The Consumer Data Research Centre (CDRC) have developed a unique classification to determine how people living in Great Britain interact with the Internet.
The 2018 Internet User Classification (IUC) offers 10 unique classes of Internet Use and Engagement. It was developed as an update to the previous (2014) IUC, but introduces an updated methodology and more comprehensive data, built from a range of consumer, survey and open data collected by the CDRC.
Now, why might online behaviour vary? For the most part, demographic factors play the most important influence upon online engagement, such as population age or ethnicity.
Engagement can also be by influenced by where we live. Location can, for example, impact how fast the Internet is and in rural areas it is often the case that the Internet can be slower, either because houses are often further away from their local telephone exchange or mobile broadband signal strength can be weaker. This can also influence a person’s online behaviour.
Within rural areas, the most common group is the “e-Rational Utilitarians”. These residents more prevalently use the Internet for service applications such as e-banking and online shopping, rather than entertainment and communication. This may be as a result of these areas having constrained Internet speeds which limits use of those websites or services requiring faster connections.
In some places, even though the infrastructure is adequate, residents do not generally see the necessity of the Internet. Many of these areas are found in seaside locations around the British coast. An example includes the town Clacton-on-Sea which is located in the South East of England, where the majority of the area is classified into the Groups “Settled Offline Communities” or “e-Withdrawn”. These Groups contain populations who are some of the least engaged with the Internet.
Another driver of Internet engagement relates to demography. Naturally, we tend to find that younger populations are more engaged than those who are elderly. For instance, if we look at Greater Manchester in the North West of England, which is a popular area for student housing given the large number of universities within the city, many student houses buffer the arterial road running South from the University to the suburb of Fallowfield. The dominant Group that characterises these neighbourhoods is “e-Cultural Creators”. These areas usually contain a young population who engage with the Internet in a variate of ways, particularly for use of social networks and accessing through mobile phones. However, this is not always the case. Just to the East of these highly-engaged students is another area called Longsight, where although the population is also young, they are much less committed users, despite being in such close proximity.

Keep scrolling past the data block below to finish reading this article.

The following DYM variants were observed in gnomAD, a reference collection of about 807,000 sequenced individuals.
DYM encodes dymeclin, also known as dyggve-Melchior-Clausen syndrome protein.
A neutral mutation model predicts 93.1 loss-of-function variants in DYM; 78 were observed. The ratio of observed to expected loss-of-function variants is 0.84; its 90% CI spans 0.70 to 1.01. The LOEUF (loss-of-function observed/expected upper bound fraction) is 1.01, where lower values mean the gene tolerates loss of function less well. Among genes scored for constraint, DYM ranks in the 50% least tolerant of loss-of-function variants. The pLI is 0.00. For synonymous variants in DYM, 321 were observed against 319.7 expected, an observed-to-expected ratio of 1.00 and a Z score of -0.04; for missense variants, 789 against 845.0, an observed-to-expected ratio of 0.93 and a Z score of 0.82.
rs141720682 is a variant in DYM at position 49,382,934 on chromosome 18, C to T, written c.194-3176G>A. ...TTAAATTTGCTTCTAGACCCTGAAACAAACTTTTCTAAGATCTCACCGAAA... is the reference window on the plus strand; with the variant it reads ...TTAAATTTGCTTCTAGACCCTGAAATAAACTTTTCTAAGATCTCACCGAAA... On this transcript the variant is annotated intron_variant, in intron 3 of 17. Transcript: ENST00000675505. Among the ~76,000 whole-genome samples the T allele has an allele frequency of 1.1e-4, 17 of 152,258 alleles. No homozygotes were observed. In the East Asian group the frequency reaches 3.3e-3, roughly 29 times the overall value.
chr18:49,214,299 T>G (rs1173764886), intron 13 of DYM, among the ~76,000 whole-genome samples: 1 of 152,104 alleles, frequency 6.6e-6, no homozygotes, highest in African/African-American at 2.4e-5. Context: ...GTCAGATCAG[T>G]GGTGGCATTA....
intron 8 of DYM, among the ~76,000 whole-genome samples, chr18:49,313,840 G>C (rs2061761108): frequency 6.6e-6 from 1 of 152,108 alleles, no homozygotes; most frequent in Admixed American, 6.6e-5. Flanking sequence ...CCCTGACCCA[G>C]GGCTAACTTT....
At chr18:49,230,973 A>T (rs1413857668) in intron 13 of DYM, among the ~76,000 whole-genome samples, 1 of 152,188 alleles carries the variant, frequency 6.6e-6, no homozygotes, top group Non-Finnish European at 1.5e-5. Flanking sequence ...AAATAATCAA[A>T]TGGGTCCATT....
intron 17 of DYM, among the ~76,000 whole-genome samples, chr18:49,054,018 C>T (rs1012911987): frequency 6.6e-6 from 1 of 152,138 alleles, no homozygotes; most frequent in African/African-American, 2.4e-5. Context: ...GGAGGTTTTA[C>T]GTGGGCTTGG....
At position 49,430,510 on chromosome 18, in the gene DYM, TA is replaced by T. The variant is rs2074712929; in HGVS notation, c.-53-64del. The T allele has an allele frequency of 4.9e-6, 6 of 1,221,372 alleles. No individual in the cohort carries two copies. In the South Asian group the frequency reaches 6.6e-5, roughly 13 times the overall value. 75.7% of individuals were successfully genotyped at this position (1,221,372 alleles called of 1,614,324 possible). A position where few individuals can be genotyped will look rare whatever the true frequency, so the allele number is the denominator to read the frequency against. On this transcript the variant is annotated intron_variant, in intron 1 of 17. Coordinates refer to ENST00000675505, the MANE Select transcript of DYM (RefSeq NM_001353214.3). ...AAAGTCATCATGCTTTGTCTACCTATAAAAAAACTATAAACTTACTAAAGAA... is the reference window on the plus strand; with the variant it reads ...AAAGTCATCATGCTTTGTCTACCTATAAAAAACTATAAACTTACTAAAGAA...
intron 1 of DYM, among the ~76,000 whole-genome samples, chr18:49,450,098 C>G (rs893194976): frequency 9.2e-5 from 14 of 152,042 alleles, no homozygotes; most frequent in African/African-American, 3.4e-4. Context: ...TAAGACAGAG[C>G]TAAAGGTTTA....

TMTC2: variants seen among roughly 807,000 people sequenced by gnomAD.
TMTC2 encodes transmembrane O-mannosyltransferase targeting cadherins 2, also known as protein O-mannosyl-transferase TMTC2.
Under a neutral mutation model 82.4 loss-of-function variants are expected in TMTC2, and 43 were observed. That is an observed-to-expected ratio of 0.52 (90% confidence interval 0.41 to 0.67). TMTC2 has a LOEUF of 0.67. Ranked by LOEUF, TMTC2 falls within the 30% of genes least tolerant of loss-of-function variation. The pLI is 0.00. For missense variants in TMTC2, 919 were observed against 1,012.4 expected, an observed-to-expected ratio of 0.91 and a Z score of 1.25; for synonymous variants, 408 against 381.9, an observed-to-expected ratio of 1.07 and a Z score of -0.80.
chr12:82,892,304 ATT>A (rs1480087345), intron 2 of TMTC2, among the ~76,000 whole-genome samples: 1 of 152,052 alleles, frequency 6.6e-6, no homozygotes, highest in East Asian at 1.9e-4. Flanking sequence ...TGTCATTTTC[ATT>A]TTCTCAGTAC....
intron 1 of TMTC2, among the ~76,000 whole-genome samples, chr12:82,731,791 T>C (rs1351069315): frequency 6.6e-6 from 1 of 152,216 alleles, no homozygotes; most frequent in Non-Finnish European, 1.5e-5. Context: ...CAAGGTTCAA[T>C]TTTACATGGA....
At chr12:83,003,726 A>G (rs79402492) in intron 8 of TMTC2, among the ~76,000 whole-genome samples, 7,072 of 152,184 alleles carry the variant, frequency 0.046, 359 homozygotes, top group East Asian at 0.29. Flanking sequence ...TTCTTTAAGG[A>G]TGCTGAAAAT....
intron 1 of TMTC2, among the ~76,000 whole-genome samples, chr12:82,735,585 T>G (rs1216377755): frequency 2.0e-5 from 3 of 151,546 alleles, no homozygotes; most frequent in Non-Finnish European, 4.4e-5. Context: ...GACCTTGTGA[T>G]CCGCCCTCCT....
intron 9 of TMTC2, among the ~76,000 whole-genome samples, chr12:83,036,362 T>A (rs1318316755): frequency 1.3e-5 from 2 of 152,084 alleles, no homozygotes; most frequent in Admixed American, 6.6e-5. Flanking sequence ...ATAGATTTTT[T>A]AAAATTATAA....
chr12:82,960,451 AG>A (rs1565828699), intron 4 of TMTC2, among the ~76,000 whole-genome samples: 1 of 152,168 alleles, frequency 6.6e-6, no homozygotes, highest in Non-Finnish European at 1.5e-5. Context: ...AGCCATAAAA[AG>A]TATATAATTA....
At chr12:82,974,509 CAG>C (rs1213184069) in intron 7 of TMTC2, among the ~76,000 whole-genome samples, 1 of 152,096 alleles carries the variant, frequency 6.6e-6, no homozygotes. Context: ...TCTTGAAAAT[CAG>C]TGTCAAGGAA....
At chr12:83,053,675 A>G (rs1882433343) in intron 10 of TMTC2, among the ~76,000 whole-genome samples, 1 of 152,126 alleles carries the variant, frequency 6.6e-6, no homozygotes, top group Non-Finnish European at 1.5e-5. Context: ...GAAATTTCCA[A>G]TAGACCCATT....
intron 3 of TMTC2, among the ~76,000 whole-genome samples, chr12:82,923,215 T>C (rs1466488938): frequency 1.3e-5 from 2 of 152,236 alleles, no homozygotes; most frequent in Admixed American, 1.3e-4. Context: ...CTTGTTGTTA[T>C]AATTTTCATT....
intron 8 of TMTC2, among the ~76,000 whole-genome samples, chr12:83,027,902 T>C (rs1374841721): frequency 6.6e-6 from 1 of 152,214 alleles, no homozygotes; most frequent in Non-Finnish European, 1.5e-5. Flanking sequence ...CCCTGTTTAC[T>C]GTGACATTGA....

The socio-economic characteristics of individuals, such as their education and income, also play an important role in engagement patterns. Cambridge is a good example on how patterns of engagement often coalesce with high-income areas, where high-tech businesses and technology incubators have developed around the city. The core of this city houses a high concentration of students (commonly characterised by the “e-Cultural Creators” group), and expanding outwards with “e-Professionals” and “e-Veterans” Groups dominant in the periphery and outer suburbs, which both represent highly-engaged but more mature populations of Internet users.
However, there are IUC Groups that are barely visible in the South but much more pronounced in the North; for instance, Leeds and Bradford. While high engagement levels within urban cores is generally ubiquitous in GB, the periphery of these city centres express a completely different pattern to many others, with a number of areas that can be relatively characterised as unengaged.
The IUC offers a unique insight into the geography of Internet use and engagement across Great Britain. Engagement with the Internet has an obvious impact on consumer behaviour, such as the use of brick-and-mortar retail relative to online shopping. However, it also has an important influence on the take-up of digital services provided by the public sector. Understanding this geography is critically important to mitigate digital inequality, and products such as the IUC provide a means of targeting interventions necessary to ensure smooth transitions to digital service use at the local level.